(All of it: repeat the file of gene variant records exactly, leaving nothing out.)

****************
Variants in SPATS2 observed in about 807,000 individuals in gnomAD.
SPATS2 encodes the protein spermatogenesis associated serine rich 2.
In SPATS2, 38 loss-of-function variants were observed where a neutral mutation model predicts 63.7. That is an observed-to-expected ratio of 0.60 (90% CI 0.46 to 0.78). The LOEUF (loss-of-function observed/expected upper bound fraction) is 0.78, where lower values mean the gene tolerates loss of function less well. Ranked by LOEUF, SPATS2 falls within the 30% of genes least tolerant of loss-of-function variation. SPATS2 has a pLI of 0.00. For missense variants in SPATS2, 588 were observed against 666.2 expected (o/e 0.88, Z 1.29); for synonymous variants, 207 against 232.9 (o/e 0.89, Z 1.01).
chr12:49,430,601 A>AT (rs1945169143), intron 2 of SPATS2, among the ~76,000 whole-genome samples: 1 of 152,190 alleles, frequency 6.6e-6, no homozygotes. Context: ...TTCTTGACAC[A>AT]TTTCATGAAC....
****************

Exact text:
Variants in SPATS2 observed in about 807,000 individuals in gnomAD.
SPATS2 encodes the protein spermatogenesis associated serine rich 2.
In SPATS2, 38 loss-of-function variants were observed where a neutral mutation model predicts 63.7. That is an observed-to-expected ratio of 0.60 (90% CI 0.46 to 0.78). The LOEUF (loss-of-function observed/expected upper bound fraction) is 0.78, where lower values mean the gene tolerates loss of function less well. Ranked by LOEUF, SPATS2 falls within the 30% of genes least tolerant of loss-of-function variation. SPATS2 has a pLI of 0.00. For missense variants in SPATS2, 588 were observed against 666.2 expected (o/e 0.88, Z 1.29); for synonymous variants, 207 against 232.9 (o/e 0.89, Z 1.01).
chr12:49,430,601 A>AT (rs1945169143), intron 2 of SPATS2, among the ~76,000 whole-genome samples: 1 of 152,190 alleles, frequency 6.6e-6, no homozygotes. Context: ...TTCTTGACAC[A>AT]TTTCATGAAC....